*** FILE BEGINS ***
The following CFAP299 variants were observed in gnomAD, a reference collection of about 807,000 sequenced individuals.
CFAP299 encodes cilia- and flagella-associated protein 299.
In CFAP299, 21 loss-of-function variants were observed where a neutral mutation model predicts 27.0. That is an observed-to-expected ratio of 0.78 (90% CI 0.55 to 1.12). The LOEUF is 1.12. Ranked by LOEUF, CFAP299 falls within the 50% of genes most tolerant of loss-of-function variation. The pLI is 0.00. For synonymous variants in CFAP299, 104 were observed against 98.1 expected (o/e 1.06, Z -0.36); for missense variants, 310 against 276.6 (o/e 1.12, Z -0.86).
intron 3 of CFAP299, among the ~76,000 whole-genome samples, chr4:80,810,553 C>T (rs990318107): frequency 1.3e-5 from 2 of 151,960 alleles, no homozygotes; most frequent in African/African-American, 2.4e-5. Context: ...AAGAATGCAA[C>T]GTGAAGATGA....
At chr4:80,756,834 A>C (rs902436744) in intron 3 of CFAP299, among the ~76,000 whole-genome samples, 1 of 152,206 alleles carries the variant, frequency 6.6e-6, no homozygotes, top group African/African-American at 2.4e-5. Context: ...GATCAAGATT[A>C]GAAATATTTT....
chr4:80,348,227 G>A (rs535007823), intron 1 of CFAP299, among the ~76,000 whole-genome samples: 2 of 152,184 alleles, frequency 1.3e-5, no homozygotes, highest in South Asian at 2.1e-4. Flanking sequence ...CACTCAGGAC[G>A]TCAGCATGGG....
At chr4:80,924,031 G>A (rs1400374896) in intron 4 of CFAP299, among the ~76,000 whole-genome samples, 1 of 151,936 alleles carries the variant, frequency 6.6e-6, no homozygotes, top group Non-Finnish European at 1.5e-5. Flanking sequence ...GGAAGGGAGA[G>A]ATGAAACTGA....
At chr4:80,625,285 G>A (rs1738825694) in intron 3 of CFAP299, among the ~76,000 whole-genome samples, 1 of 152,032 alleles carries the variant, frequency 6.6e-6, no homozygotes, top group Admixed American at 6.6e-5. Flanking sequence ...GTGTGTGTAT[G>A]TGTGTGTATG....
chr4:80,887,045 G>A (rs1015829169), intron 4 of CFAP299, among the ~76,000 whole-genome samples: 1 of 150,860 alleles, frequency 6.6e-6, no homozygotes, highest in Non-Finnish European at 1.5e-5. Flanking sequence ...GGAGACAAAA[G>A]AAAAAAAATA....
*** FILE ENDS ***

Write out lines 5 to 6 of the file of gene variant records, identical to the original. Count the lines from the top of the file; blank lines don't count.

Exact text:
At chr4:80,756,834 A>C (rs902436744) in intron 3 of CFAP299, among the ~76,000 whole-genome samples, 1 of 152,206 alleles carries the variant, frequency 6.6e-6, no homozygotes, top group African/African-American at 2.4e-5. Context: ...GATCAAGATT[A>C]GAAATATTTT....
chr4:80,348,227 G>A (rs535007823), intron 1 of CFAP299, among the ~76,000 whole-genome samples: 2 of 152,184 alleles, frequency 1.3e-5, no homozygotes, highest in South Asian at 2.1e-4. Flanking sequence ...CACTCAGGAC[G>A]TCAGCATGGG....